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The word ‘Judgmentalism’ does not appear in most dictionaries of the English language.

Many text writing programs ‘flag’ it as being suspicious either due to spelling or not existing in the computer’s lexicon.

As a word, ‘judgmentalism’ is ‘monstrous’ insofar as it is a chimera consisting of the word ‘judgmental’ (pertaining to the exercise of one’s reason in differentiating, or discriminating, between good and evil, right and wrong) and the suffix ‘-ism.’

With respect to ‘-isms’ consider the following words of Mark Ursell-Smith:

Isms place politics, religion, health, art, science, nature, environment – you name it – into a box from which, when so labeled, it is hard to escape.

This ‘box’ of which Ursell-Smith speaks is the same one that a person who accuses another of exercising judgmentalism incarcerates the other.

Interestingly, and sadly, folks who are weak in the art of ‘arguing persuasively’ occasionally resort to accusing their rhetorical opponent as  exercising ‘judgmentalism.’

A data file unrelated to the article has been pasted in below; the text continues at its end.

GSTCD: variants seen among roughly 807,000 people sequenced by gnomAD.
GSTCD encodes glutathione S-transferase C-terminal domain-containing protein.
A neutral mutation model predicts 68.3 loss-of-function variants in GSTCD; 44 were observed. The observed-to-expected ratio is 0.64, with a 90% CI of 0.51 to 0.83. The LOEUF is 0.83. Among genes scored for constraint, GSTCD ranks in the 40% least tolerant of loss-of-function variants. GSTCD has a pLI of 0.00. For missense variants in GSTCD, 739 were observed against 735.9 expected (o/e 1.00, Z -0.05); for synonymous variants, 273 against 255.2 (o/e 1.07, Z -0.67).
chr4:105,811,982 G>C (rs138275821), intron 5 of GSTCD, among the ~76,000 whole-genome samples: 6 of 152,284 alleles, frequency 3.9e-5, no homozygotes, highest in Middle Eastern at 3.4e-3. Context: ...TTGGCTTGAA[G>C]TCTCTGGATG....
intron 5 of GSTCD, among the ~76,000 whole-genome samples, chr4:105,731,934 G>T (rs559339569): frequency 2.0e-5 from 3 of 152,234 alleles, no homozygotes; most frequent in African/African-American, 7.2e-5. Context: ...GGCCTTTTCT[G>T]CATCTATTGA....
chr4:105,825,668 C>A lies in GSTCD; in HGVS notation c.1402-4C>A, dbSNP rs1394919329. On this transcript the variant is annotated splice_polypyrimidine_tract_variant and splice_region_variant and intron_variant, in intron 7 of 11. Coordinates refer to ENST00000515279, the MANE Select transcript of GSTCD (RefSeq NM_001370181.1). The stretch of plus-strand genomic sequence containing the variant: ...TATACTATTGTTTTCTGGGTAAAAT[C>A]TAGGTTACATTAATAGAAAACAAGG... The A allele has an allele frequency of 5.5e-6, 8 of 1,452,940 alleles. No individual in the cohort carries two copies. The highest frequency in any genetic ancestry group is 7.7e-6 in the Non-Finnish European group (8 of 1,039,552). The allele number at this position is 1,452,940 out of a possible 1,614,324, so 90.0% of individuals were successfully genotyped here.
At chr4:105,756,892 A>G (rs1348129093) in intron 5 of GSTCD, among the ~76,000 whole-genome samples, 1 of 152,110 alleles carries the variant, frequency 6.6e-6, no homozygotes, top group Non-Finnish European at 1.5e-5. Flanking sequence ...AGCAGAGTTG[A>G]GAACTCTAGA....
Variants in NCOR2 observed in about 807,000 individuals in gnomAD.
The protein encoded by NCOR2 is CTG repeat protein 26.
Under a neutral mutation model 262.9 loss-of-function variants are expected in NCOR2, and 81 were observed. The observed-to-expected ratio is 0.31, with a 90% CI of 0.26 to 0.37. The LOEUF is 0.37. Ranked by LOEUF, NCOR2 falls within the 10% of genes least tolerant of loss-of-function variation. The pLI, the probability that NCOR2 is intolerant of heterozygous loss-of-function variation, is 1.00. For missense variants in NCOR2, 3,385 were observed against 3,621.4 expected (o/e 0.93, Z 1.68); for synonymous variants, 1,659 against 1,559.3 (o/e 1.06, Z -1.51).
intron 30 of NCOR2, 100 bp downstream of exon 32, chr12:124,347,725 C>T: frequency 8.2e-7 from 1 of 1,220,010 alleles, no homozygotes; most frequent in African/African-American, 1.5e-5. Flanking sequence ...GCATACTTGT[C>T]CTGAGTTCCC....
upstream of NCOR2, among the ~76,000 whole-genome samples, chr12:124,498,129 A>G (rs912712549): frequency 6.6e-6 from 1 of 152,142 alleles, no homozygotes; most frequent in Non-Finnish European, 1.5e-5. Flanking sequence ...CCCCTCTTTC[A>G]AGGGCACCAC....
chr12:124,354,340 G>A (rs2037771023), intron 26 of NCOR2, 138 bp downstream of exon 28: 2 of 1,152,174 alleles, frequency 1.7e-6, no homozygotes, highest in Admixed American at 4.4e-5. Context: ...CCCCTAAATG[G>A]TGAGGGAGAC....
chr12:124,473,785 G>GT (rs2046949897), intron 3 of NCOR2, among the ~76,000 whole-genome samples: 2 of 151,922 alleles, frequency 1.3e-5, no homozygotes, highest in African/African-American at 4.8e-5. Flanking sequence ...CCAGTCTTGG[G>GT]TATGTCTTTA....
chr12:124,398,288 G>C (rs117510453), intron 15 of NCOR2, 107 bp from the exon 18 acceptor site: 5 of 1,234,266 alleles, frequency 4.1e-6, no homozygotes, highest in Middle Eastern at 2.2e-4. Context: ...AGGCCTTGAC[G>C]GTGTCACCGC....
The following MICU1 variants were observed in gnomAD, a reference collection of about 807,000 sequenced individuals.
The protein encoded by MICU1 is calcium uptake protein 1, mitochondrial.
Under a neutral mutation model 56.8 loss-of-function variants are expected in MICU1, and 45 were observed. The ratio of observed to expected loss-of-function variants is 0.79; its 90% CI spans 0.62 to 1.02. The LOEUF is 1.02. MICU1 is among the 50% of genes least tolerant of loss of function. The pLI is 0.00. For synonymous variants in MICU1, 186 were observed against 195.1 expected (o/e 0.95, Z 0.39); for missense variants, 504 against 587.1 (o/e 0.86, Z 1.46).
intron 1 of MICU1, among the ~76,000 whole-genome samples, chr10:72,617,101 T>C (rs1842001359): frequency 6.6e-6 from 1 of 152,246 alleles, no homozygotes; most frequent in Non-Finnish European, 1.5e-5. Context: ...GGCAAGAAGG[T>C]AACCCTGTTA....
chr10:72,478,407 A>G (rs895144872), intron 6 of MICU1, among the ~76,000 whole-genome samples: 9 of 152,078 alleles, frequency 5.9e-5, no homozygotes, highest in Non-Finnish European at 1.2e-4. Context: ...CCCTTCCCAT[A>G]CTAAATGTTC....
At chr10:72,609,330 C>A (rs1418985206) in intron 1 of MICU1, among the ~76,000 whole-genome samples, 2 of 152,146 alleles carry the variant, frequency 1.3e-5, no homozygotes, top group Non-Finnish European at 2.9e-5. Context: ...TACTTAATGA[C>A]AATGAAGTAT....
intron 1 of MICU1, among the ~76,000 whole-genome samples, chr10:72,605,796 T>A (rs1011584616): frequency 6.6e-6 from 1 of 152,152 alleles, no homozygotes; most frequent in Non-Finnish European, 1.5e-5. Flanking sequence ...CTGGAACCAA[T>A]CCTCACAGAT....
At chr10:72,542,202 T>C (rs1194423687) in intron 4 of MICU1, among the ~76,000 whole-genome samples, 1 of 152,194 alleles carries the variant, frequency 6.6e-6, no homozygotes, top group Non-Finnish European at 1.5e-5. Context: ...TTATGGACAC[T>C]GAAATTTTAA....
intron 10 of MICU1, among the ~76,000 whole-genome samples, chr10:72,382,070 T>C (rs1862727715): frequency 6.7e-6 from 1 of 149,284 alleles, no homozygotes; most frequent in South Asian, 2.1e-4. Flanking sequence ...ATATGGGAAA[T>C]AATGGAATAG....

Here’s Fr. Paul Ward’s take on judgmentalism:

… there are certain Catholics who have wholesale bought into the liberal movement of dissent, anti-clericalism, disbelief in sin, lax morals, worldliness or other such malaises, and, finding themselves incapable of providing any intellectual, sound argument in favor of positions they arbitrarily embrace…

…they accuse those who are faithful to the Church as being ‘judgmental.’

[Accusing another of being judgmental] is the moral posture of the arrogant man, who feels threatened and angry about his neighbor’s opinion of him.

… a hypocrite… practices a vice he apparently condemns… to call anyone judgmental is nothing but a judgment.

This said, let it be known, that of course we Catholics judge.

Christ commands us to judge (e.g., Lk 7:43; Lk 12:57; Mt 19:28, etc.), which we clearly distinguish (cf. Rom 14:4) from the Eternal Son’s judgment of men’s consciences and of the eternal fates of men.

St. Paul also commands us to judge, it is shameful when we cannot judge, we will judge even spirits, and the power to judge the world in the End is one of the rewards promised to the saints (1 Cor 6:2 ff.; 1 Cor 11:13; 1 Cor 14:24, etc.) and St. John says too we must judge spirits (1 Jn 4:1).

… of course we are to judge between good and evil.

Still more, St. Augustine, in his Anti-Pelagian discourses, says that we must judge certain sinners, because their sins cannot be done on accident or without assent, “like blasphemy, adultery, and the like.”

So YES, we judge.

Another reason why the world hates Catholicism and wants to stomp it out of existence: because we judge its materialist, greedy, sensual and arrogant ways, in union with God, judging not to condemn, but to call to repentance and save.